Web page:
- Bring the milk mixture almost to the boil.
- Remove and discard the empty vanilla bean pods.
- Pour a small amount of hot milk onto the egg mixture and whisk vigorously all the time to ensure the eggs don’t scramble.
- When that small amount of milk has been incorporated to temper the mixture you can add the remainder of the milk(I simply poured the tempered mixture into the saucepan with the hot milk).
- Whisk all the while and bring the custard mixture to the boil. It will thicken as it comes to the boil.
- Continue on a gentle boil, whisking all the time, until the mixture is thick and unctuous.
- Take the custard off the heat and squeeze the liquid from the gelatine.
- Add the gelatine into the custard and whisk until is it fully dissolved and combined.
- Pour the custard(through a strainer if you wish to ensure no lumps) into a bowl.
- Add the butter to the custard and stir until fully combined and cover with plastic wrap pressed gently onto the surface. Set aside to cool, placing in the fridge after about 30 minutes.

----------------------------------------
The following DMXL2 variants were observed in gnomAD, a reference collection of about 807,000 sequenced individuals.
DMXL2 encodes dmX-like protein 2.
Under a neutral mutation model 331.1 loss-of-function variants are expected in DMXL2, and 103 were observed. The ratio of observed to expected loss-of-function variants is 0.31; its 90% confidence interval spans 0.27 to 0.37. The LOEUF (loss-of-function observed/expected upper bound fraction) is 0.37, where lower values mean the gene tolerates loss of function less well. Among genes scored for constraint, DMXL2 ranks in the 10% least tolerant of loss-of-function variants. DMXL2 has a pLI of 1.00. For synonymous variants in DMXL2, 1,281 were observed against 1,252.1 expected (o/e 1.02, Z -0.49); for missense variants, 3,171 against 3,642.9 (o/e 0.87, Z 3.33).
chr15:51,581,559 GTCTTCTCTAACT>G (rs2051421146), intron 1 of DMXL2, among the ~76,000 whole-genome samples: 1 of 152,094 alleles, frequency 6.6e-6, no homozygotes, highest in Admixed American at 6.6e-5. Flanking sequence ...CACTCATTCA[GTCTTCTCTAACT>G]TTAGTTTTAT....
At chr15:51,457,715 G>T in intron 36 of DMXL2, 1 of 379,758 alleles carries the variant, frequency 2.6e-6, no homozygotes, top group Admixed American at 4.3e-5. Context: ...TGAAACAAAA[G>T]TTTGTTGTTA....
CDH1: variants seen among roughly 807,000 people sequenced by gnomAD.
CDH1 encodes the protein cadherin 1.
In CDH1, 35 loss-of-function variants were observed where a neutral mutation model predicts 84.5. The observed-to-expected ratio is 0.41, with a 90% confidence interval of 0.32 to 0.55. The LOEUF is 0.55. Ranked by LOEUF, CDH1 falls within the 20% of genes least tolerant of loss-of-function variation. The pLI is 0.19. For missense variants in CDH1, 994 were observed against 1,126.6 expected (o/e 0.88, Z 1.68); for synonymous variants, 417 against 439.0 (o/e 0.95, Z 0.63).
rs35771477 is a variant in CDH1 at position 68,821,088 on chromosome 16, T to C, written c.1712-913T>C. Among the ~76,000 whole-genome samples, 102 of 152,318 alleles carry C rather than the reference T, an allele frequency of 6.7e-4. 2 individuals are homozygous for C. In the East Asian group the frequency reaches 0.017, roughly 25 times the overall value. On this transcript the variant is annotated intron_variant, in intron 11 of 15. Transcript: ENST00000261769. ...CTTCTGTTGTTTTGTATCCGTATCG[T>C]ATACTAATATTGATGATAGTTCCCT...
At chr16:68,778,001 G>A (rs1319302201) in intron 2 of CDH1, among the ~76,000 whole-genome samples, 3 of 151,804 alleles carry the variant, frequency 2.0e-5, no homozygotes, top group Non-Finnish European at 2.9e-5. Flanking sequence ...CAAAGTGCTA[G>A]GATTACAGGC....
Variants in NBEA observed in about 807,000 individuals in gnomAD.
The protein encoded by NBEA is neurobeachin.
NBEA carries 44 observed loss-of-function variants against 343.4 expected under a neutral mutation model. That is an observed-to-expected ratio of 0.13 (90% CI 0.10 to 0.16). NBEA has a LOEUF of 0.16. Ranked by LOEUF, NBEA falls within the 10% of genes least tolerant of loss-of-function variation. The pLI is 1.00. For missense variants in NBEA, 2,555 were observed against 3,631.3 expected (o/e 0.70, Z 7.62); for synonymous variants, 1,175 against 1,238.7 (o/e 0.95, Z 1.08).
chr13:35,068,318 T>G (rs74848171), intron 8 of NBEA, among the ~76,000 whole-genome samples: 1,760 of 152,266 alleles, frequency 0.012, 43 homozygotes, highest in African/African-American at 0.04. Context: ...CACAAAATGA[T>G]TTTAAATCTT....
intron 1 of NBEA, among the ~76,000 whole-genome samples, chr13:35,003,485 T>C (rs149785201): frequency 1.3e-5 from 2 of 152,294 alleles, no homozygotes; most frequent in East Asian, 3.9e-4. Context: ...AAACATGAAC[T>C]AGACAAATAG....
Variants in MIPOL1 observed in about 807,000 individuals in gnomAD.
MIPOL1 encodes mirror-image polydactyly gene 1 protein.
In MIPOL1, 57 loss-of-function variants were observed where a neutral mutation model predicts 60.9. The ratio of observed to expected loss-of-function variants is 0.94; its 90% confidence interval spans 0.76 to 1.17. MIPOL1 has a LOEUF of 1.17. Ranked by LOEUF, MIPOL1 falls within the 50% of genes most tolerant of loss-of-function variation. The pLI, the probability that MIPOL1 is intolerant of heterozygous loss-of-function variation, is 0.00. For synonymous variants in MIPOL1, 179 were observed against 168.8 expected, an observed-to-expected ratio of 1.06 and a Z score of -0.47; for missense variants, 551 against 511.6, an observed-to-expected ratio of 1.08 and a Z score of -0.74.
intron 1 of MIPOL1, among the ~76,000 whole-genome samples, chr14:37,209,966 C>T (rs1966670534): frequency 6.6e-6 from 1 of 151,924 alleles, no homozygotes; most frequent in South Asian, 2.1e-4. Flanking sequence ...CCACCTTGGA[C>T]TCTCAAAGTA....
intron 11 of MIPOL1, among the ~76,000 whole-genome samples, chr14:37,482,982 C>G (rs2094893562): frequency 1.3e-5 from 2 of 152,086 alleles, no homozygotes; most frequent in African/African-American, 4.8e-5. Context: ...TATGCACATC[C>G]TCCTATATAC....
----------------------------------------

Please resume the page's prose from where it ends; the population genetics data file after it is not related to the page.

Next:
- Divide the pastry in two, placing one half back into the fridge.
- Roll the pastry out to a thickness of 2ml(just under 1/4 inch) and cut out rounds to line the tart pans. If using pastry rings cut out the base and then use strips of pastry to line the sides, pressing down to seal onto the base.
- Place them onto parchment lined baking trays.
- Prick the bases with a fork to preventing rising during baking(if using a perforated silicone mat as I did you don’t need to prick the base, nor do you need of using perforated tart moulds such as the silicone ones I used).
- Repeat with the remaining pastry, when you are ready.
- Chill the pastry cases in the fridge as you preheat the oven to 180C/160C Fan/350F.
- Bake the tart cases in the oven for 12 to 20 minutes until the cases begin to colour and pull away from the edge of the pans.
- Remove them from the oven and allow them to cool completely.
- Place the cream into a large bowl and whip until it has achieved stiff peaks.
- Whisk the custard to break it up and soften it to a smooth mixture.
- Fold in the whipped cream until fully combined.
- Place the crème diplomat into a piping bag and pipe it into the cooled tart cases.
- Place your chosen fruits onto the top of the crème diplomat in any arrangement you wish.
- Refrigerate the tarts until you need to serve them.
- You can sprinkle icing sugar over the top if you wish.
- 1. How much fruit you need is dependent on which fruits and how full you wish the tarts to be.
- 2. You can make the pastry by hand, rubbing the butter into the flour, sugar and almonds.